34. Anonymous Anonymous | 10:32 AM |  

    Sorry to keep commenting! This is a subject near and dear to my heart! I just wanted to recommend the book, How Weaning Happens. I think Diane Bengson wrote it. Iread it when my first baby was 9 months old and we were getting close to my preconceived goal and I was starting to get all the, "When are you weaning?" questions (even from my pediatrician!). By that point, I couldn't imagine stoppping! It seemed as if we were just getting started on something really good. I was so relieved to read this book. It really changed my whole perspective on weaning and on breastfeeding in general. Jennifer

  35. Anonymous Abby | 10:42 AM |  

    I don't know if my other comment went through, but I did remember something about toddler nursing that was very encouraging to me when many people seemed to want me to stop.
    My grandmother had children from the 50's through the 70's in an era that I think most women really didn't nurse as much, and she nursed 4 of her 6 children, several of them well past a year. Two of those daughters and a daughter-in-law also nursed their babies until they self-weaned, some at 10 months and some at a couple of years. My grandma was the best encouragement for nursing of anyone I know. I am really glad that I have someone like her to support me when the rest of my family just looks on in confusion!

    On the flip-side, my mother-in-law (from Egypt) wanted me to wean at a year, because that's what women do there. Most Egyptian women breastfeed, but almost all wean BY twelve months, if not by 10 or 11. She thought it was really weird and whenever she had the chance she would ask why I was still nursing my (at the time) 13 month old.

    I had a great excuse, she was allergic to dairy. Whew! That's an easy way to get around it. I just said that I couldn't possibly stop giving her milk if she couldn't drink cow's milk! I hate the smell of soy products, and avoided them as much as possible for my daughter, so it was breastmilk or nothing. She drank lots of calcium-enriched Orange Juice, but Momma's milk is what got her through. She didn't seem to mind. :-)

  36. Blogger Mademoiselle Oulla | 10:47 AM |  

    I nurse my 19 month old, although I never really thought I would nurse a toddler. I used to think extended nursing was weird, but now I am a lot less ignorant.

    Breastmilk IS nutritious. And contrary to popular opinion, it does not suddenly become un-nutritious at 6, 12, or 24 months. Here is a link to info about nursing toddlers and the nutrition of breastmilk: http://www.kellymom.com/bf/bfextended/ebf-benefits.html#nutrition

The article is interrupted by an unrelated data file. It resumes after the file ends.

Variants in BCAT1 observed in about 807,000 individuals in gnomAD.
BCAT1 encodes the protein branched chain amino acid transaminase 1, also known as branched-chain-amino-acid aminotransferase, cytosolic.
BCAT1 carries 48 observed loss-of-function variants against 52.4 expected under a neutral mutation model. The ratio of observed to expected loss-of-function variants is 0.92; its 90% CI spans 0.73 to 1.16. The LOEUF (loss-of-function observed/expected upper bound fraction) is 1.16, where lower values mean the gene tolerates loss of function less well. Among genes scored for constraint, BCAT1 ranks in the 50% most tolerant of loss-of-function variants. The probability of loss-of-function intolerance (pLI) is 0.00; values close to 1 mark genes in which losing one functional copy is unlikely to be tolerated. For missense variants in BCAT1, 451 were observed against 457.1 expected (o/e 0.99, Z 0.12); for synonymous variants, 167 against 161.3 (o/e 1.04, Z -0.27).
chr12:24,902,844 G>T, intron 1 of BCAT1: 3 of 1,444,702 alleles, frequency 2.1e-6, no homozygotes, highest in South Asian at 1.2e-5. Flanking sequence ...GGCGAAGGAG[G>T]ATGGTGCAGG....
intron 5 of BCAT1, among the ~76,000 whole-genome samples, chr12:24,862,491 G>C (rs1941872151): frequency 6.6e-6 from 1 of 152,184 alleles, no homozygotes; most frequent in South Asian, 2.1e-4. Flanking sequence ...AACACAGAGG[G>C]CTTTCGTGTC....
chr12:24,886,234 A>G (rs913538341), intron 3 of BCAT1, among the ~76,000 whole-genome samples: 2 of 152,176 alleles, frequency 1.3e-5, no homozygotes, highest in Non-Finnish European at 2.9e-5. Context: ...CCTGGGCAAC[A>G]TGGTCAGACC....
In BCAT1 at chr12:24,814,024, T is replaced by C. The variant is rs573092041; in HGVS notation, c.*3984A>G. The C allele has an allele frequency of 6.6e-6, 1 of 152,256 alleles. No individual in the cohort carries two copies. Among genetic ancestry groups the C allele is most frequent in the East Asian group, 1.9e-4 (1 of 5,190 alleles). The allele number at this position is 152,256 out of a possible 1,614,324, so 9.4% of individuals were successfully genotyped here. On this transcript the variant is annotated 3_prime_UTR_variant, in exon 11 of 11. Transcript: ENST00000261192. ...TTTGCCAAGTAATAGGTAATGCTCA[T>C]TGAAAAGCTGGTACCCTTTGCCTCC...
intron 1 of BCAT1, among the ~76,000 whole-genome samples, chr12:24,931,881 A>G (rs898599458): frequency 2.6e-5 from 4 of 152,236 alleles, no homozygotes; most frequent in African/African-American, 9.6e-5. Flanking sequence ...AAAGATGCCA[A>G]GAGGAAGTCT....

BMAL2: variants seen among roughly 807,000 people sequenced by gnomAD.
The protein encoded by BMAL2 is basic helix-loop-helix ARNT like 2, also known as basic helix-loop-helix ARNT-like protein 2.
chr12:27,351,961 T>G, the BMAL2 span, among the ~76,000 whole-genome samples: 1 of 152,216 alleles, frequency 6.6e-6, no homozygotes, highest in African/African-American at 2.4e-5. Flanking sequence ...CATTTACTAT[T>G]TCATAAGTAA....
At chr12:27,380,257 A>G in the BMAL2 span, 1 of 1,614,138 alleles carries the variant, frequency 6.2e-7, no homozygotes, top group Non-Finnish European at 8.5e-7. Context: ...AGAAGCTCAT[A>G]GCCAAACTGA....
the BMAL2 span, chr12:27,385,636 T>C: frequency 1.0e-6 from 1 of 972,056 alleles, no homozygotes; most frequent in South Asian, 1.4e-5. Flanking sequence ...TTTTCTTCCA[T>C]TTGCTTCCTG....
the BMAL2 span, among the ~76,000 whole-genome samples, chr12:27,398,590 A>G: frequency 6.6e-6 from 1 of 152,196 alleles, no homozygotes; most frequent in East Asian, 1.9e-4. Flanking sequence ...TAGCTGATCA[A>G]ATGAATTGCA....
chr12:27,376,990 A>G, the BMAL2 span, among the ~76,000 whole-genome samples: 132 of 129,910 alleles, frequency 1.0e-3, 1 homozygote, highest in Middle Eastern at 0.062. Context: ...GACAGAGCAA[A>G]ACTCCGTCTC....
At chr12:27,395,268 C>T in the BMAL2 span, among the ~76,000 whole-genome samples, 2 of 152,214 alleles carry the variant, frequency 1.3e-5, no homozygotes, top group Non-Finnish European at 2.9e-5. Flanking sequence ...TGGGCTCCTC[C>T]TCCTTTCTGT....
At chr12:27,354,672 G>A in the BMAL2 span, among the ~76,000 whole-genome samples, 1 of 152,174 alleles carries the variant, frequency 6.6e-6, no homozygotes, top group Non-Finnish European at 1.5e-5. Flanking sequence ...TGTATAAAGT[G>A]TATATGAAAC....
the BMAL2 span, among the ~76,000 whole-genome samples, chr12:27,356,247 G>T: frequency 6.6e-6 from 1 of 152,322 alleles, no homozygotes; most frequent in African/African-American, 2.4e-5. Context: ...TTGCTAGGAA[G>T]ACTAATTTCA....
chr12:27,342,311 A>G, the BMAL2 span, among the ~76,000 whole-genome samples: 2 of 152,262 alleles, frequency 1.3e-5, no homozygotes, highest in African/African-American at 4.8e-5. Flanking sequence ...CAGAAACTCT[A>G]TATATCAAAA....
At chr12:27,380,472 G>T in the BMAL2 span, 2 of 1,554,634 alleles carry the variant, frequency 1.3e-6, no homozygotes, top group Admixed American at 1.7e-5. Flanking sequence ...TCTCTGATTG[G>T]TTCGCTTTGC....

37. Blogger Lesley | 1:01 PM |  

    I think the idea that breastfeeding beyond a year is "no longer about nutrition" comes from the fact that toddlers are typically eating a full range of foods and therefore getting nutrition elsewhere.
    And I think it's funny that I have heard the same people who think babies don't need to nurse past age one (because it's not about nutrition anymore) also extoll the virtues of toddler supplemental formulas (you know, to boost their nutrition intake)(LOL)

  38. Anonymous Holly | 1:34 PM |  

    I'm guilty of saying a couple of those comments your friends had said. Growing up, I was never exposed to breastfeeding (not that I remember), so I used to think anything past 6 months just seemed strange. After my sister had my nephew, she taught me about the benefits of breastfeeding, and now I look forward to being able to breastfeed when I have a baby. I see her breastfeed her 1 year old, and it seems perfectly normal. My goal is for 1 year, but I wouldn't be surprised if I pushed it up to 2 years. I still get a little weirded out by the thought of a 2 year old breastfeeding, but I think it's just a matter of letting myself get comfortable with the idea over time.

  39. Blogger Elaine and Mike | 6:13 PM |  

    The thing I find interesting is why nursing suddenly becomes an issue at all after one year... is it mainly because it was always recommended for one year and people took that as, "stop after a year"? I wonder, do other women not like nursing and just can't wait to stop? I can't say that it causes any difficulties in my life to nurse, and seems like a nice way to connect with my 13 month old daughter, so I just don't feel like weaning is necessary or right. That being said, I do have a good friend who weaned her 9 month old baby because she thought it was weird that her baby could wiggle around in her lap and pop her head on and off. She said it was "creepy" to nurse a baby that old. I wonder if she, and other women who are uncomfortable nursing a toddler, have body issues? Perhaps they have internalized our society's fetishization of breasts? I say bravo to any women who follows her baby's cues and her own gut instincts where nursing is concerned, regardless of what in-laws or friends or the pediatrician says.